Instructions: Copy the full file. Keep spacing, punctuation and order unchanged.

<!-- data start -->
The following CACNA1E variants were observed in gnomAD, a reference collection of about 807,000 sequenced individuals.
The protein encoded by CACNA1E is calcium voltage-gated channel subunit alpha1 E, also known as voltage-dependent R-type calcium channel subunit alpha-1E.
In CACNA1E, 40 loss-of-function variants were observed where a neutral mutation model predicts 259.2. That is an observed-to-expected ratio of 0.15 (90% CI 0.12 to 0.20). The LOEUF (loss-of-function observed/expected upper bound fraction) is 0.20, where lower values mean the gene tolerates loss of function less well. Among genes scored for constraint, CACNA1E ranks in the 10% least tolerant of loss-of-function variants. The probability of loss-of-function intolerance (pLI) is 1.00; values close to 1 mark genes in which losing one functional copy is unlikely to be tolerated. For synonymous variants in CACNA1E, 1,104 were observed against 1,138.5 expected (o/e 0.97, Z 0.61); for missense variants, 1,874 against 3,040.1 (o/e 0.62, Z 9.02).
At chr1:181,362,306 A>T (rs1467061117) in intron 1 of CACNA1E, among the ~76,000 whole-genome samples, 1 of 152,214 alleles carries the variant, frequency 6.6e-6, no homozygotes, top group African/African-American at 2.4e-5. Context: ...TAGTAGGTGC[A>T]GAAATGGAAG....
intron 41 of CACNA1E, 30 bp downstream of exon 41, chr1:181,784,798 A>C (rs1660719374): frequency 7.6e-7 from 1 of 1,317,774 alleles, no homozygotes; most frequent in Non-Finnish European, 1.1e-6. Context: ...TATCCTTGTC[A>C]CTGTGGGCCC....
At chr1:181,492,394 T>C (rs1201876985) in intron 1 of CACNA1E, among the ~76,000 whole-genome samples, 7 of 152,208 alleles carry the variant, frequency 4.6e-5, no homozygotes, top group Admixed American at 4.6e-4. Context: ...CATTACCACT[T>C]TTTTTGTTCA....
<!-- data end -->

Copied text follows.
The following CACNA1E variants were observed in gnomAD, a reference collection of about 807,000 sequenced individuals.
The protein encoded by CACNA1E is calcium voltage-gated channel subunit alpha1 E, also known as voltage-dependent R-type calcium channel subunit alpha-1E.
In CACNA1E, 40 loss-of-function variants were observed where a neutral mutation model predicts 259.2. That is an observed-to-expected ratio of 0.15 (90% CI 0.12 to 0.20). The LOEUF (loss-of-function observed/expected upper bound fraction) is 0.20, where lower values mean the gene tolerates loss of function less well. Among genes scored for constraint, CACNA1E ranks in the 10% least tolerant of loss-of-function variants. The probability of loss-of-function intolerance (pLI) is 1.00; values close to 1 mark genes in which losing one functional copy is unlikely to be tolerated. For synonymous variants in CACNA1E, 1,104 were observed against 1,138.5 expected (o/e 0.97, Z 0.61); for missense variants, 1,874 against 3,040.1 (o/e 0.62, Z 9.02).
At chr1:181,362,306 A>T (rs1467061117) in intron 1 of CACNA1E, among the ~76,000 whole-genome samples, 1 of 152,214 alleles carries the variant, frequency 6.6e-6, no homozygotes, top group African/African-American at 2.4e-5. Context: ...TAGTAGGTGC[A>T]GAAATGGAAG....
intron 41 of CACNA1E, 30 bp downstream of exon 41, chr1:181,784,798 A>C (rs1660719374): frequency 7.6e-7 from 1 of 1,317,774 alleles, no homozygotes; most frequent in Non-Finnish European, 1.1e-6. Context: ...TATCCTTGTC[A>C]CTGTGGGCCC....
At chr1:181,492,394 T>C (rs1201876985) in intron 1 of CACNA1E, among the ~76,000 whole-genome samples, 7 of 152,208 alleles carry the variant, frequency 4.6e-5, no homozygotes, top group Admixed American at 4.6e-4. Context: ...CATTACCACT[T>C]TTTTTGTTCA....